Via a Twitter post from Phil Plait, and following a couple of links, I ended up reading a post on the website of David Icke, everyone's favourite goalkeeper turned tinfoil hat wearer. Now, the vast majority of it is your typical "Swine flu was released by the Illuminati/Bilderberg Group/Reverse Vampires to cull the population" batshittery, but part of the post talked about, well, I can't really put it better than David himself:
"The Illuminati plan for the world includes...the microchipping of every man, woman and child. Microchips would allow everyone to be tracked 24/7, but it goes much further than that.
Computer technology communicating with the chips has the potential to manipulate people mentally, emotionally and physically. This could be done en masse or individually through the chip's unique transmitter-receiver signal. Killing someone from a distance would be a synch (sic)."
Apparently these chips are, due to the wonders of nanotechnology, so small as to be able to be injected into people along with their tamiflu jab. Anyway's, the interesting thing about that quote was that it reminded me of the strange story of James Tilly Matthews, who I read about roughly this time last year. Matthews was a Welshman, working as a tea broker in London in the last 10 or so years of the Eighteenth Century. He is also pretty much acknowledged to be the first recorded case of paranoid schizophrenia.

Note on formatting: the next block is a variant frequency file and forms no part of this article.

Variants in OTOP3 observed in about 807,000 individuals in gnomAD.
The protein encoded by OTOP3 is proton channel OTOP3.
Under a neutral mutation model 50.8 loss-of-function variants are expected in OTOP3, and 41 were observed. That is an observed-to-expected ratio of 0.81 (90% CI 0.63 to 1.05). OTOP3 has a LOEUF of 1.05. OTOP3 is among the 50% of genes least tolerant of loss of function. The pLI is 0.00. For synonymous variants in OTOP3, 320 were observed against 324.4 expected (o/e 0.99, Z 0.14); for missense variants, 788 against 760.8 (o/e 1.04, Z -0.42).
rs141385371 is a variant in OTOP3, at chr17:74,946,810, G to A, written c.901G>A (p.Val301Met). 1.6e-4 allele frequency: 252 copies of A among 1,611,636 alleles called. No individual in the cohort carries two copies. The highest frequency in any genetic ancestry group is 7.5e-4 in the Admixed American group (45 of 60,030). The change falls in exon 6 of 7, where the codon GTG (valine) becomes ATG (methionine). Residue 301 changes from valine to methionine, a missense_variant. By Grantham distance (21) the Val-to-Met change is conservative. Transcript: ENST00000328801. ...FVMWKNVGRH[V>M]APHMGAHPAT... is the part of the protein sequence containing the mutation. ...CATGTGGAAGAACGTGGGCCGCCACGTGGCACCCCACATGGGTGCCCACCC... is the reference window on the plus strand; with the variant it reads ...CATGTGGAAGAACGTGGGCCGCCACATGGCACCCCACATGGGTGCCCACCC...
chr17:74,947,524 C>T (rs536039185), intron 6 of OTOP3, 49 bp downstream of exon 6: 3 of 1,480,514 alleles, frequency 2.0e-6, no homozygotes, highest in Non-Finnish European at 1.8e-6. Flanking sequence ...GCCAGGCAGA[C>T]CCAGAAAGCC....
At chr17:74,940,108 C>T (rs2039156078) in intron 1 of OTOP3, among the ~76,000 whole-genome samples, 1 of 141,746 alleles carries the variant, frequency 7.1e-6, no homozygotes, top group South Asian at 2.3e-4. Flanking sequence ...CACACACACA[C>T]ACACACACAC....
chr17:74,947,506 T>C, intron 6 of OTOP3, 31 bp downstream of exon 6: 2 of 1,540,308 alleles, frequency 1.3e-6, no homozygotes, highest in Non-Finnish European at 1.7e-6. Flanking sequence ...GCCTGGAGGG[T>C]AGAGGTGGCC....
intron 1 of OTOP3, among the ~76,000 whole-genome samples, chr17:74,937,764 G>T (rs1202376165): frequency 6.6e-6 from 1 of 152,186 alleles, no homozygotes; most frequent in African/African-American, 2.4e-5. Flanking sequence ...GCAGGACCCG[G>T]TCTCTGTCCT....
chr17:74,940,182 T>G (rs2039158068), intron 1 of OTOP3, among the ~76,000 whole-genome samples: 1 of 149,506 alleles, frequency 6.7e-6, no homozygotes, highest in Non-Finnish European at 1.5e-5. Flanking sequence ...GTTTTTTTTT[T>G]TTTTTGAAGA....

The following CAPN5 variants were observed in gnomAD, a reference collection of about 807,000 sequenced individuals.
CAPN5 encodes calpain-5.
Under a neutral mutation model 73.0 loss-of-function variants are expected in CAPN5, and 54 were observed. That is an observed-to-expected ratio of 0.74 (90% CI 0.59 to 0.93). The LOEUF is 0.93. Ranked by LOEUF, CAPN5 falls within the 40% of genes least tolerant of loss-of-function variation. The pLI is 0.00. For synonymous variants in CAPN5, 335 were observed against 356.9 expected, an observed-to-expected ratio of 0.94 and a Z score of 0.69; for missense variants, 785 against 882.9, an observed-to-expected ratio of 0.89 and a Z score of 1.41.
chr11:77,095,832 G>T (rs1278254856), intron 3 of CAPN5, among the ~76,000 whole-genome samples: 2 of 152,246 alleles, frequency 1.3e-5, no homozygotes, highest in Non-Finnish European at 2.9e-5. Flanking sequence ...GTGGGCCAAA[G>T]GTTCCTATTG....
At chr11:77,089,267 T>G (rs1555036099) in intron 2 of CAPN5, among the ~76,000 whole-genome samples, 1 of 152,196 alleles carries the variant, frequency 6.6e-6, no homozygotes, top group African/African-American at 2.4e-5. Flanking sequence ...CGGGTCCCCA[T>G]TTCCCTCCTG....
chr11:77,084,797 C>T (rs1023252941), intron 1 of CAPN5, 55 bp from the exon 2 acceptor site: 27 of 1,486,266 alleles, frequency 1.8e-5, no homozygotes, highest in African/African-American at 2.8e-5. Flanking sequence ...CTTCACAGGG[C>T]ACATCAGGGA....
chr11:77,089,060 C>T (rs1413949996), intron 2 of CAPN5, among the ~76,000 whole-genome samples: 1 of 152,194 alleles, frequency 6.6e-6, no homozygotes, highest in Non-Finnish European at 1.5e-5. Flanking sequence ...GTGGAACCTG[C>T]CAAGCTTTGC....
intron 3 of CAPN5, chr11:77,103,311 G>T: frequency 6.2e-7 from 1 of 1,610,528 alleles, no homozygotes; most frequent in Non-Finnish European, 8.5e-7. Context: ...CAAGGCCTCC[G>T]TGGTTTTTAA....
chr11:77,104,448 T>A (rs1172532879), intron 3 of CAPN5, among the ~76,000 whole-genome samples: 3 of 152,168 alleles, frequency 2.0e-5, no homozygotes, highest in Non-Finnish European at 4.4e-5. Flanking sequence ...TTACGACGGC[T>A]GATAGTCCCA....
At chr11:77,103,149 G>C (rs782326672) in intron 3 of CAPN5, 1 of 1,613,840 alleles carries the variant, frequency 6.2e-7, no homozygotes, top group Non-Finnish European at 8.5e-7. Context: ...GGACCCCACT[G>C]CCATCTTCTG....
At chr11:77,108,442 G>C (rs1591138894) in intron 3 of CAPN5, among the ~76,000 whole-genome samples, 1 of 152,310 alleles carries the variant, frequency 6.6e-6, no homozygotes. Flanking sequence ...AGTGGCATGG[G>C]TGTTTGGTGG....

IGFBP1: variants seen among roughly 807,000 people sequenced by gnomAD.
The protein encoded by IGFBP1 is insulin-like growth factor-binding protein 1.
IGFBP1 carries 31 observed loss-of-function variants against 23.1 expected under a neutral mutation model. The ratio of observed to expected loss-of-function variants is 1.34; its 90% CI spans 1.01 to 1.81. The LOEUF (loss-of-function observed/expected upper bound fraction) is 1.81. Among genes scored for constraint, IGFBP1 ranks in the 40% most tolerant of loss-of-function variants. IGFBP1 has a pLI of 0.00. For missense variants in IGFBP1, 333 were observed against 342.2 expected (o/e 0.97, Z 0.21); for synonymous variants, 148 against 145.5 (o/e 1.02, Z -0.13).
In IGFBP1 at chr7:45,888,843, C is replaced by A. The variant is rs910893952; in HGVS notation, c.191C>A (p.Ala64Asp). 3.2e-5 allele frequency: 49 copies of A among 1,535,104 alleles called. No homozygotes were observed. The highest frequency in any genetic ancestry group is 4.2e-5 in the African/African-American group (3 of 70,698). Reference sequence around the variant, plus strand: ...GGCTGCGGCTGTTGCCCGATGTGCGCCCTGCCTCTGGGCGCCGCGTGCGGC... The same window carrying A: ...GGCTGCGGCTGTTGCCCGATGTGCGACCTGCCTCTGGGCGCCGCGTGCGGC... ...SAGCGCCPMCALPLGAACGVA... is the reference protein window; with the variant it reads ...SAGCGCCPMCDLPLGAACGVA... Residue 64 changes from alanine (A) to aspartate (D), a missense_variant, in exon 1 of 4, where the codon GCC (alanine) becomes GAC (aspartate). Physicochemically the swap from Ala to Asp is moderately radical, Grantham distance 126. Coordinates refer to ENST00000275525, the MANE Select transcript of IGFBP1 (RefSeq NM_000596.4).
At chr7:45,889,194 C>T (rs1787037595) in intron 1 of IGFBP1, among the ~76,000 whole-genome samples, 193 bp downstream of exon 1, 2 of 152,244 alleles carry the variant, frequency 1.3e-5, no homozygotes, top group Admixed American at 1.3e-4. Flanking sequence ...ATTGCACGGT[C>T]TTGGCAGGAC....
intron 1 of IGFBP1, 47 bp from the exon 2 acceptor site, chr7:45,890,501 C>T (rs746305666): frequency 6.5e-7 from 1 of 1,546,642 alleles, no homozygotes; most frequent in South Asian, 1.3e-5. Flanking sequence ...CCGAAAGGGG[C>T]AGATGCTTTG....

Now, don't get me wrong, I'm by no means an expert regarding the brain, and I'm not suggesting for one moment that David Icke is mentally ill. However, the parallels between Icke's "They'll control us from afar" reasonings, and the ideas Matthew's had that led him to be admitted to Bedlam Hospital, are striking.
Matthews believed, as revealed in John Haslam's 1810 book Illustrations of Madness, he was under attack from a gang of criminals who were could manipulate his thoughts and ideas by use of a gigantic machine called the Air Loom. The "Air Loom Gang", as he called them, consisted of Bill the King (the ringleader), Jack the Schoolmaster, Sir Archy (a woman dressed as a man), and the Glove Woman, who operated the Air Loom. The Air Loom itself was located in London Wall in Moorfields, not far from where Liverpool Street station is today, and was drawn by Matthews during his treatment at Bedlam: